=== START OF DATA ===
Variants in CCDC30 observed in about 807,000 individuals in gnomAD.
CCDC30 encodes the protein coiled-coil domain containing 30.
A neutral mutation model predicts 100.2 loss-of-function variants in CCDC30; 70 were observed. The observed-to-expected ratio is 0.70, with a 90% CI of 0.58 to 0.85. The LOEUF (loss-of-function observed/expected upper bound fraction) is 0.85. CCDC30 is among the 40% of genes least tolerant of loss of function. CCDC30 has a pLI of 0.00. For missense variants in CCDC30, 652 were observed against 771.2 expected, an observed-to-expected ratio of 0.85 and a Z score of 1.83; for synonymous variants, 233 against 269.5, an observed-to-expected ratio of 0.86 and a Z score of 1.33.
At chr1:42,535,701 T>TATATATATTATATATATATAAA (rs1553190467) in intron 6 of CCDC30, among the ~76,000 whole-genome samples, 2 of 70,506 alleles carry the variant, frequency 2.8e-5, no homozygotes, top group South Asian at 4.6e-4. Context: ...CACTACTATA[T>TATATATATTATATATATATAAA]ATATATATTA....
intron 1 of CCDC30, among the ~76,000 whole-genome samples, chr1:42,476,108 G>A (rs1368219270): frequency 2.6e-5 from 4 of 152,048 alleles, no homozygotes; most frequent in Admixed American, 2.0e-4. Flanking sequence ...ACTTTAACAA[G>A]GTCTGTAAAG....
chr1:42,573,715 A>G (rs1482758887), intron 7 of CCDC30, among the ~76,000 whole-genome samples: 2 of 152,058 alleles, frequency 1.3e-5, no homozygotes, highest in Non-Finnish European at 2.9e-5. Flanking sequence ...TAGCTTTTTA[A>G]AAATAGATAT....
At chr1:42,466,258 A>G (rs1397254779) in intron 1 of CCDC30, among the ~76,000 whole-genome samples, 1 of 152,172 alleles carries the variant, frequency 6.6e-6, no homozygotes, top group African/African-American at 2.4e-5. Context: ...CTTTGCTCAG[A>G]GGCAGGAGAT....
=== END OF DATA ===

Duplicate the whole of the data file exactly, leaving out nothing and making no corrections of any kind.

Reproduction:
Variants in CCDC30 observed in about 807,000 individuals in gnomAD.
CCDC30 encodes the protein coiled-coil domain containing 30.
A neutral mutation model predicts 100.2 loss-of-function variants in CCDC30; 70 were observed. The observed-to-expected ratio is 0.70, with a 90% CI of 0.58 to 0.85. The LOEUF (loss-of-function observed/expected upper bound fraction) is 0.85. CCDC30 is among the 40% of genes least tolerant of loss of function. CCDC30 has a pLI of 0.00. For missense variants in CCDC30, 652 were observed against 771.2 expected, an observed-to-expected ratio of 0.85 and a Z score of 1.83; for synonymous variants, 233 against 269.5, an observed-to-expected ratio of 0.86 and a Z score of 1.33.
At chr1:42,535,701 T>TATATATATTATATATATATAAA (rs1553190467) in intron 6 of CCDC30, among the ~76,000 whole-genome samples, 2 of 70,506 alleles carry the variant, frequency 2.8e-5, no homozygotes, top group South Asian at 4.6e-4. Context: ...CACTACTATA[T>TATATATATTATATATATATAAA]ATATATATTA....
intron 1 of CCDC30, among the ~76,000 whole-genome samples, chr1:42,476,108 G>A (rs1368219270): frequency 2.6e-5 from 4 of 152,048 alleles, no homozygotes; most frequent in Admixed American, 2.0e-4. Flanking sequence ...ACTTTAACAA[G>A]GTCTGTAAAG....
chr1:42,573,715 A>G (rs1482758887), intron 7 of CCDC30, among the ~76,000 whole-genome samples: 2 of 152,058 alleles, frequency 1.3e-5, no homozygotes, highest in Non-Finnish European at 2.9e-5. Flanking sequence ...TAGCTTTTTA[A>G]AAATAGATAT....
At chr1:42,466,258 A>G (rs1397254779) in intron 1 of CCDC30, among the ~76,000 whole-genome samples, 1 of 152,172 alleles carries the variant, frequency 6.6e-6, no homozygotes, top group African/African-American at 2.4e-5. Context: ...CTTTGCTCAG[A>G]GGCAGGAGAT....